John M. Frame, J. D. Trimble Chair of Systematic Theology and Philosophy, Reformed Theological Seminary, Orlando
“Mitch Stokes takes the so-called new atheists out to the intellectual woodshed. His clear and powerful double whammy against atheism—it is difficult to ground morality in science, and it is difficult to ground science on atheism—shows just how much faith it takes to be an atheist.”
Kelly James Clark, Senior Research Fellow, Kaufman Interfaith Institute; The Honors Program, Brooks College
“In this superbly executed book, Mitch Stokes makes a solid and creative case for why many atheists aren’t skeptical enough. If they were consistent ‘sober skeptics,’ he argues, their view of the world would be radically reimagined. For those—whether believer, agnostic, or atheist—who are not afraid to follow the truth, wherever it may lead, this book is a must-read.”
Chad V. Meister, Professor of Philosophy and Theology, Bethel College; author, Evil: A Guide for the Perplexed
Introduction: Skepticism and Contemporary Atheism
Part 1: Sense and Reason
Part 2: Science
Part 3: Morality
$14.94 USD $14.99 USD
YOU’VE GOT MAIL – OF ENCOURAGMENT AND SUPPORT – DIRECTLY FROM THE APOSTLE PAUL. When you open the Smart Guide to the Bible Series: Corinthians, it’s like opening your mail box and finding personal letters from the Paul! In writing to his beloved church, he left a Christian “how-to” guide to believers of today. Nowhere will you find more words of encouragement, advice on conflict, the value within suffering and knowledge about your spiritual gifts than from Paul. And this is the book that will help guide you through it all.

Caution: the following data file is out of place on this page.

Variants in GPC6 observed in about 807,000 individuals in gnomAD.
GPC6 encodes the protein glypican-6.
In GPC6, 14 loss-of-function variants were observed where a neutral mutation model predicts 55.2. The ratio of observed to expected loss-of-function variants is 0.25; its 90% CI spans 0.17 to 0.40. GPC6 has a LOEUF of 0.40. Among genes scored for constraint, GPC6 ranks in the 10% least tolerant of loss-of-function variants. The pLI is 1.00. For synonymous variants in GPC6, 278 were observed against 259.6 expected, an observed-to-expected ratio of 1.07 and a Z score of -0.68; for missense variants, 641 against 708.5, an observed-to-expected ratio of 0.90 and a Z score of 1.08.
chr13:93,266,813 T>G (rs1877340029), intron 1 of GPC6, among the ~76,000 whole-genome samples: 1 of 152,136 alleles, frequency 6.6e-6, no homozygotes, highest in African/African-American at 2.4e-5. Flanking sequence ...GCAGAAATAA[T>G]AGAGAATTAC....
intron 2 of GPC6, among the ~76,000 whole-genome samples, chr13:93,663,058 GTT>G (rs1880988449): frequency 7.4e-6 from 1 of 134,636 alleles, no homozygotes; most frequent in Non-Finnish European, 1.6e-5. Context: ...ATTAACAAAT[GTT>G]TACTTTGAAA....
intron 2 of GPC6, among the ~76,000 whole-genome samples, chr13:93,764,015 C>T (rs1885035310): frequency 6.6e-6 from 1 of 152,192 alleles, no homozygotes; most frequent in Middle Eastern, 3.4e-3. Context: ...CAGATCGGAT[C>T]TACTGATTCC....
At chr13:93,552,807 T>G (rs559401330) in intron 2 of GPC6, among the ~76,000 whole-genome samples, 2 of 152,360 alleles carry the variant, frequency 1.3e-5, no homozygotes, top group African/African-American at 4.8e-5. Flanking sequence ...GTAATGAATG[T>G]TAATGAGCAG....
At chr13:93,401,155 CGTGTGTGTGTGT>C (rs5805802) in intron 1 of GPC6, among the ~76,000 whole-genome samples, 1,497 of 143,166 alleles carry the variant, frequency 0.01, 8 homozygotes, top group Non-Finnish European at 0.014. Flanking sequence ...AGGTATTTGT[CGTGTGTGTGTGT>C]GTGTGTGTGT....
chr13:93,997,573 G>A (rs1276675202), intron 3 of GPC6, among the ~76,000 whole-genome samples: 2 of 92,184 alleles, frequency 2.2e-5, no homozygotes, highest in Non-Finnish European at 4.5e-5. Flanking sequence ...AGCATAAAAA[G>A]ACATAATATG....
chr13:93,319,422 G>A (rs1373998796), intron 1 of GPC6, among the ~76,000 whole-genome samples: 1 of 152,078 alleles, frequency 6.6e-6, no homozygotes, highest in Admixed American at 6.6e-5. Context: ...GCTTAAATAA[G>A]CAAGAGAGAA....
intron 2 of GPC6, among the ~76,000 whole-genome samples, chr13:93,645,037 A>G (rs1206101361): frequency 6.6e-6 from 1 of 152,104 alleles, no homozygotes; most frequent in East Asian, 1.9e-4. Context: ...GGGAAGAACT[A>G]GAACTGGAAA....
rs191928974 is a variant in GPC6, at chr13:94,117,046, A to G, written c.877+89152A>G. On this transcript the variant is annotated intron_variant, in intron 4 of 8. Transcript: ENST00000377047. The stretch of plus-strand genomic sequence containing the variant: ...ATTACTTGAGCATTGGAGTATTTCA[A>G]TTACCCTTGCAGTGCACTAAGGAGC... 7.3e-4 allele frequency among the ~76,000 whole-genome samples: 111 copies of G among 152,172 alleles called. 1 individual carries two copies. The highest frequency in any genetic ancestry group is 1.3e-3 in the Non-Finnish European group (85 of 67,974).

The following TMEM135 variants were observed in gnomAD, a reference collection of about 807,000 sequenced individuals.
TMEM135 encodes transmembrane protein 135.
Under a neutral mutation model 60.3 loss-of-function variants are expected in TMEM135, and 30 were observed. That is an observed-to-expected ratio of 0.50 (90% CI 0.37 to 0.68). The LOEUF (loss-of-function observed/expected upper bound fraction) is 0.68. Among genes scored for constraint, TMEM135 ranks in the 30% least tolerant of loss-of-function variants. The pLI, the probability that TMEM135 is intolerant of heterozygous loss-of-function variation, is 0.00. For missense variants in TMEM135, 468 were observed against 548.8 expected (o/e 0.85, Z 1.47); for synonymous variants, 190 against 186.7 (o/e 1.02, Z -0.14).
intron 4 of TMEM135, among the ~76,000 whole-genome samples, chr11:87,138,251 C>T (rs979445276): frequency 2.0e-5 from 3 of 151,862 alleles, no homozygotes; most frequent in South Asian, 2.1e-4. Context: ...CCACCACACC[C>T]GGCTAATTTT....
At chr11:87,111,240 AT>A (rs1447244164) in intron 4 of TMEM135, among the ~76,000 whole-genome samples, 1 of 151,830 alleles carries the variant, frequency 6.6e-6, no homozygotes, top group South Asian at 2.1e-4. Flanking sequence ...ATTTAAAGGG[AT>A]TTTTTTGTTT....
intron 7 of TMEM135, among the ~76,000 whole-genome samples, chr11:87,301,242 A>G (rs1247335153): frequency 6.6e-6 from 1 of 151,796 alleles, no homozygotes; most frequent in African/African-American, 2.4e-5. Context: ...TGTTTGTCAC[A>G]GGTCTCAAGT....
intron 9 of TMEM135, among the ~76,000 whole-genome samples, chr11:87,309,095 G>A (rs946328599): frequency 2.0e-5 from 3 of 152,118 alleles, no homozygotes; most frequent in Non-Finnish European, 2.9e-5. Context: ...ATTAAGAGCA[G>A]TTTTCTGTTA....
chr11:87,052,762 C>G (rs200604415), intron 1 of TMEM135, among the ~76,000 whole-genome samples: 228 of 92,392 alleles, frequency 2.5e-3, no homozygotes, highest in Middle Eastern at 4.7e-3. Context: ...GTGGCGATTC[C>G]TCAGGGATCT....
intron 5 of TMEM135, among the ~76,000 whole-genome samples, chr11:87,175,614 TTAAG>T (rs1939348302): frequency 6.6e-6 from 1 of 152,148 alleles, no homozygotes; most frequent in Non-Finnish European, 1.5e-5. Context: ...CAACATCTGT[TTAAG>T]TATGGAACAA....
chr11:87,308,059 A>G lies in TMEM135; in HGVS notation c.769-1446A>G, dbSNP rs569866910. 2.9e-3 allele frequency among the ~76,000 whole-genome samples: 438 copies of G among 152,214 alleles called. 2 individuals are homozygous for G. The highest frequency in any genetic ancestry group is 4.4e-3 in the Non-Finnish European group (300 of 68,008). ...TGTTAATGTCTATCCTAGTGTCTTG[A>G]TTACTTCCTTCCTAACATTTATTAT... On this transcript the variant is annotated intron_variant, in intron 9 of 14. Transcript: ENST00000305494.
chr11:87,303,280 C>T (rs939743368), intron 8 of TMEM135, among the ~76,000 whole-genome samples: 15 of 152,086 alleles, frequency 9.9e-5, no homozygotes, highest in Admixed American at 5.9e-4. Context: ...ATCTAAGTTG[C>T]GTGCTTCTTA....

|Contributor(s)||Dewey Bertolini , Larry Richards|
|About the Contributor(s)||
Dewey Bertolini |
Dewey Bertolini is the Teaching Shepherd at New Hope Christian Fellowship in McMinnville, Oregon. Dewey has spoken to thousands of students and adults across the country and inspired them in their walk with Jesus Christ.
Dr. Larry Richards is a native of Michigan who now lives in Raleigh, North Carolina. Larry has taught and written Sunday school curriculum for every age group, and he has published more than two hundred books.
|Release Date||May 5, 2009|
|Who It's For||Men, Teen Boy 13-17, Teen Girl 13-17, Women|
|Series||The Smart Guide to the Bible Series|
$16.34 USD $17.99 USD
$27.23 USD $28.00 USD
1 and 2 Kings is the second volume in the Brazos Theological Commentary on the Bible and follows Jaroslav Pelikan's volume on Acts. It is the first Old Testament commentary in the series. This volume, like each in the series, is designed to serve the church--through aid in preaching, teaching, study groups, and so forth--and demonstrate the continuing intellectual and practical viability of theological interpretation of the Bible.
The general editor for the Brazos Theological Commentary on the Bible is R. R. Reno (editor, First Things). Series editors include Robert W. Jenson (Center of Theological Inquiry); Robert Louis Wilken (University of Virginia); Ephraim Radner (Wycliffe College, University of Toronto); Michael Root (Catholic University of America); and George Sumner (Episcopal Diocese of Dallas).